You can Buy The Table Porter Online in the UK at:

Craved

Beer Merchants

Eebria

EST. CALORIES: 84   ABV: 2.8%

IPA – English: Hawkeshead IPA

This weeks Beer is brewed in Cumbria, more notably the Lake District. Hawkshead are an independent brewery in the Lake District and today I’m writing about their great IPA. I first discovered this beer on a trip to Keswick, which is a fantastic place that I recommend. The beer market is actually pretty booming in Cumbria, with a lot of traditional and craft breweries making amazing beer.

Let’s start with Hawkshead‘s description of the brew:

A modern IPA, amber in colour, with huge, complex hop flavours from a blend of American and New Zealand hops, including Cascade, Columbus and Motueka, and balanced by sweet malt. India Pale Ale is a classic British beer style, traditionally brewed strong and well-hopped to survive the voyage to India. This IPA takes well-hopped to a new level by using some of the finest, most flavoursome New World hops now available.

This description gives a lot away about the Hops, which I really like as it appeals to the Beer Geek in me but if someone was picking this up as their first beer they wouldn’t know what to expect. What an interesting Hop concoction though! It made me really look forward to this beer when I read it. After this, the usual India Pale Ale story that we all know. The IPA’s that passed through the sea to India were much different though, but that’s a conversation for another time!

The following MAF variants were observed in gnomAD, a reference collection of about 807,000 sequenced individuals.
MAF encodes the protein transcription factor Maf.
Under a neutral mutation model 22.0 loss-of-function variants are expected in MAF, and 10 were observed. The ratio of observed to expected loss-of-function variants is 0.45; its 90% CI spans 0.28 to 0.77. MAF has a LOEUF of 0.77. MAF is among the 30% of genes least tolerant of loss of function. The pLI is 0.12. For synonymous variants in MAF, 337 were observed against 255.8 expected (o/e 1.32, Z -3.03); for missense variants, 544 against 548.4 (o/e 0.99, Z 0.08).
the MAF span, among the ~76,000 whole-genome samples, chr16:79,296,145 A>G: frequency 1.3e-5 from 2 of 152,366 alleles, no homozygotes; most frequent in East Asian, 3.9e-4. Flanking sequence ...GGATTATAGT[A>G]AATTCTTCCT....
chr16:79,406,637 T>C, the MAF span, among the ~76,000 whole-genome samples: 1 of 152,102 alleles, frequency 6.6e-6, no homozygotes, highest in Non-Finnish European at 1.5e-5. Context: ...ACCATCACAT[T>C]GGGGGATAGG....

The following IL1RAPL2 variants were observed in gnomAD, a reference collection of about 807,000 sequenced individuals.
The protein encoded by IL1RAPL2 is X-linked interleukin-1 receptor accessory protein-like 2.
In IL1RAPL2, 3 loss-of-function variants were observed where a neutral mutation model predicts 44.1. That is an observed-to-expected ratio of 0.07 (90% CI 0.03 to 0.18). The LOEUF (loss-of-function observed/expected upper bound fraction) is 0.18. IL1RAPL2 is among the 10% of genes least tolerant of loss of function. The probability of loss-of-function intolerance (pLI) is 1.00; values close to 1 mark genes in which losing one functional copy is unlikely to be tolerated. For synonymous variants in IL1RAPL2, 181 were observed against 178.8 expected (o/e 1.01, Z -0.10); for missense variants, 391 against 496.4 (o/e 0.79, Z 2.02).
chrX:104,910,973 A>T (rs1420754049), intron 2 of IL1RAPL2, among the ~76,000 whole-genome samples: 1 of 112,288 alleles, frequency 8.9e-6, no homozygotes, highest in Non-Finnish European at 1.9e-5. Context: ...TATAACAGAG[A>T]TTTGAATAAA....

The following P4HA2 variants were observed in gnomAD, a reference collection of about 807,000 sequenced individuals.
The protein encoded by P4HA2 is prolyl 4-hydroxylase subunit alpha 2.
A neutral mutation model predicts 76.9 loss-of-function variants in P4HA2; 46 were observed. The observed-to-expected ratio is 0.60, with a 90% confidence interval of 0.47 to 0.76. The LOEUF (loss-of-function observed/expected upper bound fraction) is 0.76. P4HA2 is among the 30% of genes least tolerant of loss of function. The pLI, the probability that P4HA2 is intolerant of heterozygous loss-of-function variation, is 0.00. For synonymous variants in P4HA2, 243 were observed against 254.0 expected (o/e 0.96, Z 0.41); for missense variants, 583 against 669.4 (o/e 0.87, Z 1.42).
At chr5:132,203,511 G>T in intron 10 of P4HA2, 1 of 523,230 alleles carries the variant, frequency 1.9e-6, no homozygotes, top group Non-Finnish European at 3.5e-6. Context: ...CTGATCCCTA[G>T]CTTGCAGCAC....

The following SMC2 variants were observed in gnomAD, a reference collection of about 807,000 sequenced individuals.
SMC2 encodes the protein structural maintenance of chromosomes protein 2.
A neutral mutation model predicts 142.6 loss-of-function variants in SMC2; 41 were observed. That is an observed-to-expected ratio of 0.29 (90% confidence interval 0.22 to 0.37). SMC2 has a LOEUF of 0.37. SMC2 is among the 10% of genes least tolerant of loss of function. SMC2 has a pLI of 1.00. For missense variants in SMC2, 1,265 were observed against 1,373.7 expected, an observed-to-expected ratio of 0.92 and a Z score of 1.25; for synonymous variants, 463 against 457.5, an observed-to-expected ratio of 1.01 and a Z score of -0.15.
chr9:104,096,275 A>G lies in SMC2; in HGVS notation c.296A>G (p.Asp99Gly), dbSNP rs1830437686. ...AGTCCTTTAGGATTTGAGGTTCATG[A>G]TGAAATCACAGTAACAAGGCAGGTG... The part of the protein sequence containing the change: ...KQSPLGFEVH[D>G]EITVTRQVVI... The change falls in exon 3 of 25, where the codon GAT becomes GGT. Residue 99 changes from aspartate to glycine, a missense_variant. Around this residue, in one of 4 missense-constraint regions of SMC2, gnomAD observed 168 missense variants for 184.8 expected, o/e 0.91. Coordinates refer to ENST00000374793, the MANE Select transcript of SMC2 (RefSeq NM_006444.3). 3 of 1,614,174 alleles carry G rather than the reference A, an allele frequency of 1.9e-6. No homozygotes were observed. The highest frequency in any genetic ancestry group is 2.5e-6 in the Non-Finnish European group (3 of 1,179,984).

As the Hops have been revealed in the description, let’s start with the Malt! I think the Malts in this beer are Crisp Maris Otter, Caramel Malt, 2-Row Carapils and a touch of Biscuit Malt. A very English IPA base, but the Hop bill makes you think differently – Cascade, Columbus and Motueka, what a fruity mix!

This beer pours an Orange/Amber colour with a thin white head which sticks around for most of the time drinking, it leaves some nice dotty, sticky lacing on the glass which is very welcome. On the nose, wow! Those Hops really come out, lashings of Citrus, Tropical Fruit and Orange Peel, it’s like a New Zealand summer in a glass. The palate brings out a nice, sweet Malt backbone with a touch of biscuity, bready flavours that carry through the entire time. On top of this you get the choice of Hops working their magic, lots of Tropical Fruit and Citrus to start, a touch of Pine and then on the finish you get a delicious Summer Fruit flavour lingering in the back of your tongue. The beer is well-bodied and has medium carbonation. It finishes Medium-Sweet. I really recommend this beer as the weather gets better, although I had my first one in a Rainy, November Lake District I can tell that this is going to be one of those quintessential Summer garden brews – even at 7% which is quite undetectable whilst drinking.

You can buy Hawkshead IPA in the UK at:

Hawkshead Shop (Out of Stock, 6 Bottles Minimum)

Amazon (In Stock at time of writing!)

Hippo Beers (In Stock at time of writing!)

EST. CALORIES: 210   ABV: 7%